Paul Nash

Totes Meer (Dead Sea)


In Tate Britain

Paul Nash 1889–1946
Oil paint on canvas
Support: 1020 × 1524 mm
frame: 1170 × 1680 × 97 mm
Presented by the War Artists Advisory Committee 1946

Display caption

This painting, the title of which is German for ‘dead sea’, was made during the first half of the Second World War. It was inspired by a wrecked aircraft dump at Cowley in Oxfordshire. Nash based the image on photographs he took there. The artist described the sight: ‘The thing looked to me suddenly, like a great inundating sea ... the breakers rearing up and crashing on the plain. … nothing moves, it is not water or even ice, it is something static and dead.’ He created an unsettling atmosphere by setting the scene at night and including a solitary owl in flight.

Gallery label, April 2019

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Catalogue entry

N05717 TOTES MEER (DEAD SEA) 1940–1

Inscr. ‘Paul Nash’ b.r.
Canvas, 40×60 (101·5×152·5).
Presented by the War Artists' Advisory Committee 1946.
Exh: National War Pictures, National Gallery, 1941–2; Leeds, April–June 1943 (23); Tate Gallery, March–May 1948 (54, repr. pl.14).
Lit: K. Clark, ‘War Artists at the National Gallery’ in Studio, CXXIII, 1942, p.4, repr. p.12; Michael Rothenstein, Looking at Paintings, 1947, p.14, repr. p.15 (in colour); Eates, 1948, p.79, repr. pl.101; John Rothenstein, ‘Paul Nash as War Artist’ in Eates, 1948, p.21; Bertram, 1955, pp.172–3; Digby, 1955, pp.128–30, repr. pl.42; Rothenstein, 1961, at pl.11, repr. (in colour).
Repr: Read, 1944, pl.27 (in colour); Eric Newton, War through Artists' Eyes, 1945, p.72 (in colour).

Painted 1940–1 on the basis of sketches (‘for colour’ - letter of 11 March 1941, see below) and photographs (‘for detail’) of a dump of wrecked aircraft seen at Cowley in August 1940. ‘There lived here in death innumerable vehicles of destruction of different personality once all directed by human agency, some in the character of ships manned by crews, others as clearly bound up with man as a horse to its rider.... There was a persistent suggestion of a ghostly presence.... I do not mean the wraiths of lost pilots or perished crews were hovering near, it was nothing so decidedly human, but a pervasive force baffled yet malign hung in the heavy air’ (the artist, reprinted in Bertram, loc. cit.).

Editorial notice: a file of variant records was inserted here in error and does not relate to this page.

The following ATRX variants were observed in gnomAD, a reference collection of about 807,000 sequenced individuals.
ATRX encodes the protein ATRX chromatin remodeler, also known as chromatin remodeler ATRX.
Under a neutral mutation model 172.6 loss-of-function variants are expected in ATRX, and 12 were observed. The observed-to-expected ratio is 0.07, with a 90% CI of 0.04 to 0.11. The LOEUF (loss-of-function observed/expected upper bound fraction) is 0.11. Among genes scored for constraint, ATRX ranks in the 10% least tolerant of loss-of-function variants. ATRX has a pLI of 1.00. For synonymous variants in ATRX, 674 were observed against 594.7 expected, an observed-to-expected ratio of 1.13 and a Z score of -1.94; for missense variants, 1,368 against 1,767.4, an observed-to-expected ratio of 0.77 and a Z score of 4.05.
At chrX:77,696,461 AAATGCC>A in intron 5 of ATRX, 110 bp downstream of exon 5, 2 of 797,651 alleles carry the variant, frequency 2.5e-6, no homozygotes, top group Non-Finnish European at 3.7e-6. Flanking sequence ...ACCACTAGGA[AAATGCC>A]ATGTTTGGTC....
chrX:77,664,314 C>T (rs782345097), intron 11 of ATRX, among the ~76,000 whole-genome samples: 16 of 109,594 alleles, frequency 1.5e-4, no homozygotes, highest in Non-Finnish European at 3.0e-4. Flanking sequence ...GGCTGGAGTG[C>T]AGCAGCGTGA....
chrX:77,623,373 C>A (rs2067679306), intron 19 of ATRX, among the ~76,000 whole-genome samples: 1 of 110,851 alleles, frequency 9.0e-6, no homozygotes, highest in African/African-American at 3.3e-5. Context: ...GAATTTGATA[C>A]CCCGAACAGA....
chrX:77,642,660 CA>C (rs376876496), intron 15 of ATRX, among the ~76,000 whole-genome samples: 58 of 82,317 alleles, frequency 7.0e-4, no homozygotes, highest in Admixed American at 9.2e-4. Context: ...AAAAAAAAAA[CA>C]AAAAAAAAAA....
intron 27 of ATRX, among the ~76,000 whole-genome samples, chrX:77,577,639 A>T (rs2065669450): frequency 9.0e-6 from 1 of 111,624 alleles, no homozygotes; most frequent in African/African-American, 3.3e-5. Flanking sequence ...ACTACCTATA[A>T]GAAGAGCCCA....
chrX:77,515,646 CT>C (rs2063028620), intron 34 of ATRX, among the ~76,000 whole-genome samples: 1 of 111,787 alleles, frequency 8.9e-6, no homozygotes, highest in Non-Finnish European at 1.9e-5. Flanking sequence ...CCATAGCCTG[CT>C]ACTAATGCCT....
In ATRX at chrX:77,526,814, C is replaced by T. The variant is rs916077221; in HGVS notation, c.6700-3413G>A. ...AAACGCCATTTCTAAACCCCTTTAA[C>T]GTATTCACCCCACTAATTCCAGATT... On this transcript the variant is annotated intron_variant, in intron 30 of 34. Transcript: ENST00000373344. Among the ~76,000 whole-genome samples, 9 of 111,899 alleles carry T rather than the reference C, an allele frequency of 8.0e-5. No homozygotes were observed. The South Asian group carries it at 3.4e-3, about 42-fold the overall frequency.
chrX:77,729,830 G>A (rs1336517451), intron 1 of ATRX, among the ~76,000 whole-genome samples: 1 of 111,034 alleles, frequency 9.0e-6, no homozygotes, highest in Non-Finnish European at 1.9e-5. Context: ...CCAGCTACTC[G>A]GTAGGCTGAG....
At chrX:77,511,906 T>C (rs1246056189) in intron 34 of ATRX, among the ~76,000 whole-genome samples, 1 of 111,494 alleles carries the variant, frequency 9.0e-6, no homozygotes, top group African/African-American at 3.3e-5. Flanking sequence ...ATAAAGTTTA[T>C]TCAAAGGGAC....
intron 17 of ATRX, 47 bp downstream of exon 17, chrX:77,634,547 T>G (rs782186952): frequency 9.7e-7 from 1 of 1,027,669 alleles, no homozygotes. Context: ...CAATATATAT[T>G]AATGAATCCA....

Writing to Sir Kenneth Clark (letter of 11 March 1941 in Imperial War Museum files, partly reprinted in Bertram, loc. cit.) the artist described how, ‘The thing looked to me suddenly like a great inundating sea. You might feel - under certain influences - a moonlight night for instance - this is a vast tide moving across the fields, the breakers rearing up and crashing on the plain. And then, no: nothing moves, it is not water or even ice, it is something static and dead.... By moonlight, this waning moon, one could swear they began to move and twist and turn as they did in the air. A sort of rigor mortis? No, they are quite dead and still. The only moving creature is the white owl flying low over the bodies of the other predatory creatures, raking the shadows for rats and voles. She isn't there, of course, as a symbol quite so much as the form and colour essential just there to link up with the cloud fringe overhead.’

For the artist's idea of the personality of aircraft, see Paul Nash, ‘The Personality of Planes’ in Vogue, March 1942, reprinted in Outline, 1949.

Published in:
Mary Chamot, Dennis Farr and Martin Butlin, The Modern British Paintings, Drawings and Sculpture, London 1964, II

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